Has offering drone photography to clients expanded your jobs, or have you seen it take away from your helicopter-based aerial jobs, if you ever shot those?
CD: A few clients are asking me to include drone aerials in location shoots. It has taken away from helicopter projects. I know of a well-known and highly-respected helo film pilot in the deep south who did not fly a single still photo flight last year. A pilot asked me last year why I still shot from helicopters - he had lost most of his photo flight business to photographers flying drones.
RM: Having the drone offering has expanded my capabilities dramatically. Many of my jobs are exclusively for aerial work with the drones. We can get much closer to the subject and come away with stable, smooth video and high quality images right out of the camera. It’s still a supplement to other forms of video and stills but gives my company a very well-rounded offering of services. On the other hand, having to wait very long periods for the FAA to approve airspace authorizations causes some of my work to still be done via helicopter.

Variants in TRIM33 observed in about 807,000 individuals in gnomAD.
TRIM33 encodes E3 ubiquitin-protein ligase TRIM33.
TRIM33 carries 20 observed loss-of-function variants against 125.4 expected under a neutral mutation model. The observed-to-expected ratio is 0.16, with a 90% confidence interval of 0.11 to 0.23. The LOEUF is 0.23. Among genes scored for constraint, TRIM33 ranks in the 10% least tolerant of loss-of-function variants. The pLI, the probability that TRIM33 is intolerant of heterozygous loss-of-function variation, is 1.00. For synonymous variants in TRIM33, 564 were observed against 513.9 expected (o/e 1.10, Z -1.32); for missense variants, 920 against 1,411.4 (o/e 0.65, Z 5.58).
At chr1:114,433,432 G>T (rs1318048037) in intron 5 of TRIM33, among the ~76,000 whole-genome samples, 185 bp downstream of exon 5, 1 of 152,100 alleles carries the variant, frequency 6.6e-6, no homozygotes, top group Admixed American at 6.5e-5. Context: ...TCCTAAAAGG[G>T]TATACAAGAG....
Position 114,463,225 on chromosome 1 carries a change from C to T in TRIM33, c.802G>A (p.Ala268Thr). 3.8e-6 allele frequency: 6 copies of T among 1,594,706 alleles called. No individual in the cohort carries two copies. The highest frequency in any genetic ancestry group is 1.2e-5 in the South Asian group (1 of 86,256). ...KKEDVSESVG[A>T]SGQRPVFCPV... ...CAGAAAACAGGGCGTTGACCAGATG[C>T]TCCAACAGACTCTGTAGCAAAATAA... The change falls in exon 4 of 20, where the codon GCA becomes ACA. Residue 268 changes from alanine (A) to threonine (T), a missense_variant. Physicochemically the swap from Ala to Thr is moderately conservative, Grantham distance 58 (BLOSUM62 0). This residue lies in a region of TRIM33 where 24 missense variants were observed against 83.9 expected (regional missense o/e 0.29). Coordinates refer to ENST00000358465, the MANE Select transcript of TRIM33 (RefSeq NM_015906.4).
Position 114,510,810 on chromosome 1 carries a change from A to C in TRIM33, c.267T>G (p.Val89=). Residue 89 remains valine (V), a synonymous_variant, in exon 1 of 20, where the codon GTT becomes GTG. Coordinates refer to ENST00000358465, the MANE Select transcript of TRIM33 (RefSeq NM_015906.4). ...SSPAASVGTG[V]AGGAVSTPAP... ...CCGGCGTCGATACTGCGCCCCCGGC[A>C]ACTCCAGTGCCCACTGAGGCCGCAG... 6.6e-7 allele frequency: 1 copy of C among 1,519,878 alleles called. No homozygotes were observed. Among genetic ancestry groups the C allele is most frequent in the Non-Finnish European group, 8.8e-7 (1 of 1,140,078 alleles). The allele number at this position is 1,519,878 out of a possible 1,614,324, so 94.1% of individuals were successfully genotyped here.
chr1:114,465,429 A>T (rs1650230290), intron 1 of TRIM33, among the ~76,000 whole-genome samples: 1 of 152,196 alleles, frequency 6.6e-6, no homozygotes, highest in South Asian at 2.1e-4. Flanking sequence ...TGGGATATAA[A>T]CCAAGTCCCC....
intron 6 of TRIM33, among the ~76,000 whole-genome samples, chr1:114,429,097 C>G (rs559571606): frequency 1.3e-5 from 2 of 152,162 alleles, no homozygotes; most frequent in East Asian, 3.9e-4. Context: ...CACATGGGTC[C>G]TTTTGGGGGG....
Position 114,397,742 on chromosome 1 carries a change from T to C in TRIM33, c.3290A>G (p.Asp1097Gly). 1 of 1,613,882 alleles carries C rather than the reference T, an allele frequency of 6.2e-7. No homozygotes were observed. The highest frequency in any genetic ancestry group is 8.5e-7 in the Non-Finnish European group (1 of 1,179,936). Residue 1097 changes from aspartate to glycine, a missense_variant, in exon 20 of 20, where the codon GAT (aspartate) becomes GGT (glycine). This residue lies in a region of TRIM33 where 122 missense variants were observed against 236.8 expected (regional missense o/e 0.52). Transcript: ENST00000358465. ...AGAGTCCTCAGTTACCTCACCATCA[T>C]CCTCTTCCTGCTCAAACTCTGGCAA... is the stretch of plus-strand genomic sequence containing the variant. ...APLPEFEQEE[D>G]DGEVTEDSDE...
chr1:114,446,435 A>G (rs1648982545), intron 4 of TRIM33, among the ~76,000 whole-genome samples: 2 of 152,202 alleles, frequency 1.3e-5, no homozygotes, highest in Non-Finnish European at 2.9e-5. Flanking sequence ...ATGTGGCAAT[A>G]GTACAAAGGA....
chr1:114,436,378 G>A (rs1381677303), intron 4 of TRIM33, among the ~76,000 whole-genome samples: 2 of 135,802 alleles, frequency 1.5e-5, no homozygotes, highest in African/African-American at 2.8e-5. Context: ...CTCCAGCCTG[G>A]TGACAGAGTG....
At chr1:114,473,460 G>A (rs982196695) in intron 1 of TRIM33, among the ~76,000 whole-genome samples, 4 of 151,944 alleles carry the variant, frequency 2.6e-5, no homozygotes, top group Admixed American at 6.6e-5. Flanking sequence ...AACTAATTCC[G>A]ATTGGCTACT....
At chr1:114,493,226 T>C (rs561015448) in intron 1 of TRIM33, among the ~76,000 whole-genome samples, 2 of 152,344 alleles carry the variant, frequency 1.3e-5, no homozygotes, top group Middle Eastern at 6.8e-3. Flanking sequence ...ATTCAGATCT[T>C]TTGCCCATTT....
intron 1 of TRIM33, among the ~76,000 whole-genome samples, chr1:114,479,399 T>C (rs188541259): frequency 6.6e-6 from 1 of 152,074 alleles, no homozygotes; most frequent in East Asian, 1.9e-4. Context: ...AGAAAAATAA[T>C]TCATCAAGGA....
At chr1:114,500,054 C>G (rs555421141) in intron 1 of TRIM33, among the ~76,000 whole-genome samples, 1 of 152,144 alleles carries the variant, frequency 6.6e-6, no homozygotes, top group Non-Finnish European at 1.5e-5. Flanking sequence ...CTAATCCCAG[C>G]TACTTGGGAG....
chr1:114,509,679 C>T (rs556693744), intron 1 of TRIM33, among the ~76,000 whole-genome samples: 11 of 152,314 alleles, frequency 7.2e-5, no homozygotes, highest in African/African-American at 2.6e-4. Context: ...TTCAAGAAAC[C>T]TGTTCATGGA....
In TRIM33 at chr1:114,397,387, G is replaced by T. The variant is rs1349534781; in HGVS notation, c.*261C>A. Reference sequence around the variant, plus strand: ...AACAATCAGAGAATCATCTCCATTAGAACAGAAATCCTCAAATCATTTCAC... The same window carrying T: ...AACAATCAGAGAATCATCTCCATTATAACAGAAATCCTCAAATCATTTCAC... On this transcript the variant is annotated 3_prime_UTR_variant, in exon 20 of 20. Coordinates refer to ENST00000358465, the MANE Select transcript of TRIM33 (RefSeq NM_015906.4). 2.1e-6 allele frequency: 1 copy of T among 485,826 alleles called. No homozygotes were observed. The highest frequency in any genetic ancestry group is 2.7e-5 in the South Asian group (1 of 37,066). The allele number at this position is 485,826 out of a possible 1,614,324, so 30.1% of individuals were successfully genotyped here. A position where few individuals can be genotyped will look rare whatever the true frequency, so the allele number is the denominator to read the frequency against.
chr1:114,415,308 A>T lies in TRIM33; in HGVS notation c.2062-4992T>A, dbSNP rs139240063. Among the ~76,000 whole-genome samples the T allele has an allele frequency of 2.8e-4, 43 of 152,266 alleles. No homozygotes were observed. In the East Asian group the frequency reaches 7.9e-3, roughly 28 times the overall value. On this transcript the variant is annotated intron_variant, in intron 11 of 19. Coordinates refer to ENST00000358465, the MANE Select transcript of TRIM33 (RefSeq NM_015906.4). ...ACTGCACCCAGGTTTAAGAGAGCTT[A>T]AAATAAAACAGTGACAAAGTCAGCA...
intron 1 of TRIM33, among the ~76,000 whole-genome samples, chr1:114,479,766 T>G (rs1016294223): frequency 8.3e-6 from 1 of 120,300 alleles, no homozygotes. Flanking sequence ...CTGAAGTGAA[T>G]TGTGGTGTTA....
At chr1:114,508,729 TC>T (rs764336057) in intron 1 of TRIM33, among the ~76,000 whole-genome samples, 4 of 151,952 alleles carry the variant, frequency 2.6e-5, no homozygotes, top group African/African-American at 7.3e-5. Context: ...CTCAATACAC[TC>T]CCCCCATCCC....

AB: I have lost a few new jobs to drone photographers but my regular stable of aerial clients are sticking with my helicopter version. I think many clients assume drone photography must be lots cheaper. If I get the chance to explain the costs and also the licensing and regulatory requirements to fly a drone legally and safely, and also what I feel the technical limitations of drone photography are, then I find even potential new clients are willing to hear me out on why I’m not shooting with drones yet and to consider shooting aerials from a helicopter.